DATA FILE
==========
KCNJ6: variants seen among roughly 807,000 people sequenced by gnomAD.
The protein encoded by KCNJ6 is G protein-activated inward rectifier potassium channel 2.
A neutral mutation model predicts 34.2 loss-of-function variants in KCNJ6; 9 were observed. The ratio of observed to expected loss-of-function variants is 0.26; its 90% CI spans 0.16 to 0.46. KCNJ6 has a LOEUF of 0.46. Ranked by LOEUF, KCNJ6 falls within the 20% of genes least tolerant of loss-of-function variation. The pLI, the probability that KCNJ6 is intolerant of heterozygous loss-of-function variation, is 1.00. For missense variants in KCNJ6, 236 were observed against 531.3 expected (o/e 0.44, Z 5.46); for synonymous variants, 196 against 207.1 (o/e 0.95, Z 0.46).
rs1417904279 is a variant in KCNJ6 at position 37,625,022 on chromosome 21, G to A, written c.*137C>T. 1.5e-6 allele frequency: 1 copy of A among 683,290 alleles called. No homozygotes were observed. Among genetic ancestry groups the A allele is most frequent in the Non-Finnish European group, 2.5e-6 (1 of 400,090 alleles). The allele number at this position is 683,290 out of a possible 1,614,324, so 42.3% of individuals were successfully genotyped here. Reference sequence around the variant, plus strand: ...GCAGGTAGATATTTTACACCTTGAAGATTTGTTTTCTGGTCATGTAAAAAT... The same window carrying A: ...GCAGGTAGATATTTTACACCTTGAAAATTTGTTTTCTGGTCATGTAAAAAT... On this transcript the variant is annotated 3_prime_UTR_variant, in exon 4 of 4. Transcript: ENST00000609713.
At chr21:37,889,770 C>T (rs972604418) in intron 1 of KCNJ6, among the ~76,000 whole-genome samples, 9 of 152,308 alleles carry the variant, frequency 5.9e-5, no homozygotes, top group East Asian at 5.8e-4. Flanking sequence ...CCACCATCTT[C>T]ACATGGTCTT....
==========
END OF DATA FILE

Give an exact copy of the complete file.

KCNJ6: variants seen among roughly 807,000 people sequenced by gnomAD.
The protein encoded by KCNJ6 is G protein-activated inward rectifier potassium channel 2.
A neutral mutation model predicts 34.2 loss-of-function variants in KCNJ6; 9 were observed. The ratio of observed to expected loss-of-function variants is 0.26; its 90% CI spans 0.16 to 0.46. KCNJ6 has a LOEUF of 0.46. Ranked by LOEUF, KCNJ6 falls within the 20% of genes least tolerant of loss-of-function variation. The pLI, the probability that KCNJ6 is intolerant of heterozygous loss-of-function variation, is 1.00. For missense variants in KCNJ6, 236 were observed against 531.3 expected (o/e 0.44, Z 5.46); for synonymous variants, 196 against 207.1 (o/e 0.95, Z 0.46).
rs1417904279 is a variant in KCNJ6 at position 37,625,022 on chromosome 21, G to A, written c.*137C>T. 1.5e-6 allele frequency: 1 copy of A among 683,290 alleles called. No homozygotes were observed. Among genetic ancestry groups the A allele is most frequent in the Non-Finnish European group, 2.5e-6 (1 of 400,090 alleles). The allele number at this position is 683,290 out of a possible 1,614,324, so 42.3% of individuals were successfully genotyped here. Reference sequence around the variant, plus strand: ...GCAGGTAGATATTTTACACCTTGAAGATTTGTTTTCTGGTCATGTAAAAAT... The same window carrying A: ...GCAGGTAGATATTTTACACCTTGAAAATTTGTTTTCTGGTCATGTAAAAAT... On this transcript the variant is annotated 3_prime_UTR_variant, in exon 4 of 4. Transcript: ENST00000609713.
At chr21:37,889,770 C>T (rs972604418) in intron 1 of KCNJ6, among the ~76,000 whole-genome samples, 9 of 152,308 alleles carry the variant, frequency 5.9e-5, no homozygotes, top group East Asian at 5.8e-4. Flanking sequence ...CCACCATCTT[C>T]ACATGGTCTT....